Stop the ISIS War Before It Gets Worse!
Earth Institute director Jeffrey Sachs and the Quakers’ Michael Shank call on Obama to stop the airstrikes—and stop supporting anti-Assad rebels.
Too many times in recent history the United States has responded militarily to provocations and threats in ways that have resulted in spiraling war and violence at great long-term cost to the American people. We believe that the latest escalation of U.S. attacks on ISIL (also known as Islamic State or ISIS) threatens such an open-ended, costly and ultimately unsuccessful path. We do not doubt the dangers of ISIL in the region, but we believe that U.S.-led bombing is most likely to create further instability, spiraling violence, and new recruits for radical military groups.
The right strategy, we believe, is for regional powers including Saudi Arabia, Turkey, and others to lead the response to ISIL under the umbrella of the U.N. Security Council. In this way, the U.S. would avoid the trap of being viewed, once again, as the leader of an anti-Islamic crusade. Anti-American hate, and hence the vulnerability of U.S. individuals and property to terrorist attacks, is already running very high. A U.S. escalation of bombing in Iraq and Syria would send it soaring.
We note that ISIL is vastly outnumbered by the regional powers. ISIL’s advances reflect political disarray, the Syrian civil war, and pockets of local support in Sunni regions. They do not reflect any intrinsic or insurmountable military advantage.
The problems are much deeper than military. They are fundamentally social, political, and economic. Moreover, the spiraling wars in the region, including the recent U.S. bombing, take us farther from real solutions, not closer. We believe that the U.S. backing for the anti-Assad insurgency in Syria has greatly and unnecessarily contributed to the current disarray, weakening the Assad regime and thereby opening up the space for ISIL to insert itself on the ground. We strongly urge the U.S. to stop its efforts to overthrow the Assad regime and rather to seek a political solution in the U.N. Security Council context that does not count on Assad’s removal as a precondition (hence bringing Russia and China on board in a cooperative UNSC mandate).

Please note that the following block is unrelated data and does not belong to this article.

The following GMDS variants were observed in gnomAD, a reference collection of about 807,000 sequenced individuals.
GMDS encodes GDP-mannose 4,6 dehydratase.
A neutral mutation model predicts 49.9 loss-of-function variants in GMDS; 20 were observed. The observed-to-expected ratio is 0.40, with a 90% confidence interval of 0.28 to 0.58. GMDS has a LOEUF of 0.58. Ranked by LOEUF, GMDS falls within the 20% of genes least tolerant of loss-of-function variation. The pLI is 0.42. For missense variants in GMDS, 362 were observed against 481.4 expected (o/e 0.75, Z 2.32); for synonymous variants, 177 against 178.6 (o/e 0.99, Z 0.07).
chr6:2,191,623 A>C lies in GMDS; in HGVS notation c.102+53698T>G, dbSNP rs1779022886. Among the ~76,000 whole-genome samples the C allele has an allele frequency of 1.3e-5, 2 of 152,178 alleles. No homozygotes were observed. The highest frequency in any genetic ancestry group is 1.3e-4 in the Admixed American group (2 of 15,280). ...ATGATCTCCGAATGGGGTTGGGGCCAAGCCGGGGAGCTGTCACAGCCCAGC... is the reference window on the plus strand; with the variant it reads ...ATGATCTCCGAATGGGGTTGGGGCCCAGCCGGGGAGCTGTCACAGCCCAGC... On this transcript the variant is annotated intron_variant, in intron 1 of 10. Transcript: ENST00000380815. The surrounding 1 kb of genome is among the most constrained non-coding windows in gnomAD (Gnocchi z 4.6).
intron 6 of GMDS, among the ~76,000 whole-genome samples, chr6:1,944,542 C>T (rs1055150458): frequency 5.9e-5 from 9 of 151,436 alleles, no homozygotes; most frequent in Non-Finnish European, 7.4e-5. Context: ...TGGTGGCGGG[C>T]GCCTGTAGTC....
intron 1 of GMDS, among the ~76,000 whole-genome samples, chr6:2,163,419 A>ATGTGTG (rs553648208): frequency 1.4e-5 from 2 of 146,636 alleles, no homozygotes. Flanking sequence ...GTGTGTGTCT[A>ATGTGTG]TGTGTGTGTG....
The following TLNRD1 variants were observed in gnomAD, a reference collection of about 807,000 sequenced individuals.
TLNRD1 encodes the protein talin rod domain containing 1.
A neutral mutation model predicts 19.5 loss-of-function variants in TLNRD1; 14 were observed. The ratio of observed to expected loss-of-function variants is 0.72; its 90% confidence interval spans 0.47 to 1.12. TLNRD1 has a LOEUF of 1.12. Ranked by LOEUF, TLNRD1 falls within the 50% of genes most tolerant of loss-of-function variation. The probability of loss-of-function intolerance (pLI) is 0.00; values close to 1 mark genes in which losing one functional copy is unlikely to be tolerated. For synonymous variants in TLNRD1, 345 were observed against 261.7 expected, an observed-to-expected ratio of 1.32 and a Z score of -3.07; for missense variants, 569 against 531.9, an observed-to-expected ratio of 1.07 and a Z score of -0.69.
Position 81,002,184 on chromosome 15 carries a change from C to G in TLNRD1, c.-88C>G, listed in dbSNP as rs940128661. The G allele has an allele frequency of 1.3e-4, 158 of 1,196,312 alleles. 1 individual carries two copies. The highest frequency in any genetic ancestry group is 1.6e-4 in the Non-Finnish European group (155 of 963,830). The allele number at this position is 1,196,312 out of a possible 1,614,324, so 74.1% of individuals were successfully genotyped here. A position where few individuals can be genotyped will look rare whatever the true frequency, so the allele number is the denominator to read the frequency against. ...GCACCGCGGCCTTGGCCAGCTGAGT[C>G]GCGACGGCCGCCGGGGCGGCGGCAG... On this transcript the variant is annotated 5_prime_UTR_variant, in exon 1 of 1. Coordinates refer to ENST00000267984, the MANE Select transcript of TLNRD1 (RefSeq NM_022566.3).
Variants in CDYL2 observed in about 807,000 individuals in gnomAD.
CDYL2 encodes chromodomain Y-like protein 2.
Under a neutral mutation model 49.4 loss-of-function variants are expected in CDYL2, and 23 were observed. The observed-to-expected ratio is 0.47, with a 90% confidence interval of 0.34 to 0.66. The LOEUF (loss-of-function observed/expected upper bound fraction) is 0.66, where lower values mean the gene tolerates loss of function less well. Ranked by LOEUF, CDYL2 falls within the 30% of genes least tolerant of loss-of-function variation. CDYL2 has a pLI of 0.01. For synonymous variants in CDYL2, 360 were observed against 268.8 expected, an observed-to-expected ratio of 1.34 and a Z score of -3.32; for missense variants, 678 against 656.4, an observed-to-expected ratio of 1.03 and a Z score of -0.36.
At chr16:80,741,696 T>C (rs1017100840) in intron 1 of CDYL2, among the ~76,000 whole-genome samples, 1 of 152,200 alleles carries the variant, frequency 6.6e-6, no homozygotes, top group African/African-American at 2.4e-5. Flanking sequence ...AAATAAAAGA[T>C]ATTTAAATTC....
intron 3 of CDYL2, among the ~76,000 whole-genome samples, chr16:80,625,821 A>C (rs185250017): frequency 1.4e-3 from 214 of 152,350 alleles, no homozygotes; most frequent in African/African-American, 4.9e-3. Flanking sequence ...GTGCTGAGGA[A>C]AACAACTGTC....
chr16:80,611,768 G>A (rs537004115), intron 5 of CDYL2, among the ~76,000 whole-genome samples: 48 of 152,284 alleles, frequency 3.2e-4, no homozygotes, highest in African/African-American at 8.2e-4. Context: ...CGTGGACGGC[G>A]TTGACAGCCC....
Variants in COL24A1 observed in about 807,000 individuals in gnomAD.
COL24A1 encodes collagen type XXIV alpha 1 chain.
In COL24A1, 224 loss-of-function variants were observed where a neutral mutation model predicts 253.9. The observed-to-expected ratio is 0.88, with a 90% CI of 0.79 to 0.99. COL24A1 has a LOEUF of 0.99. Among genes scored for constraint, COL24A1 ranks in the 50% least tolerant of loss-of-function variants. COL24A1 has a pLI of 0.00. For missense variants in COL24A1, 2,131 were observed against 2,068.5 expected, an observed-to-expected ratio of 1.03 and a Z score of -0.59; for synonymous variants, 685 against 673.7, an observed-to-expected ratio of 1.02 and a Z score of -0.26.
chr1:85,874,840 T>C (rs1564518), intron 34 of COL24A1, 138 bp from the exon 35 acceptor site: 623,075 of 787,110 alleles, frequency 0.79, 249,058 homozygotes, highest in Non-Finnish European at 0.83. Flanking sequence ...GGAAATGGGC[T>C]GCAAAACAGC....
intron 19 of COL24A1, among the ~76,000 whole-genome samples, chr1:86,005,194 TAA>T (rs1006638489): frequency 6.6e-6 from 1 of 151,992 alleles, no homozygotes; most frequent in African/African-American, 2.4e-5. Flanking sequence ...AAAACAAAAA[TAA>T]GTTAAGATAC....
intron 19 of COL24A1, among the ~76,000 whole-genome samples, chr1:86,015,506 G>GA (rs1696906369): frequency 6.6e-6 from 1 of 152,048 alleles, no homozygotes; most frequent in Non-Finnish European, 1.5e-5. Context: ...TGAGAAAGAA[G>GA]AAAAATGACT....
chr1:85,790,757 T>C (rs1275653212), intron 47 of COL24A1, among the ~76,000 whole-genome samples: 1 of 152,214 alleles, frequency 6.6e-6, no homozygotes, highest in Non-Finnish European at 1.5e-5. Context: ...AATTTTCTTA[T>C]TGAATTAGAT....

Going forward, we call on Congress and the Obama administration to halt the U.S. bombing and instead to call on the Middle East regional powers, under the auspices of the United Nations Security Council, to forge the necessary regional cooperation to halt ISIL and to return the region to long-term peace. In the meantime, the U.S. should refrain from further actions to support the armed insurgency to overthrow the Syrian government and refrain from undertaking operations outside of U.N. Security Council approval. The spiral of war risks the spark that ignites World War III, which is why the Security Council should take urgent steps to starve the conflict zones of any further arms inflows.
As the Middle East addresses and leads the solutions to its own problems, with its own political leadership and with international support in the context of the U.N. Charter, the U.S. should stand ready to promote humanitarian actions for peace, public health, expanded education, safe water, and other vital actions for sustainable development in the Middle East. Such interventions, though often of little interest in Washington, are far less expensive than military approaches, and far more reliable and durable in promoting U.S. interests.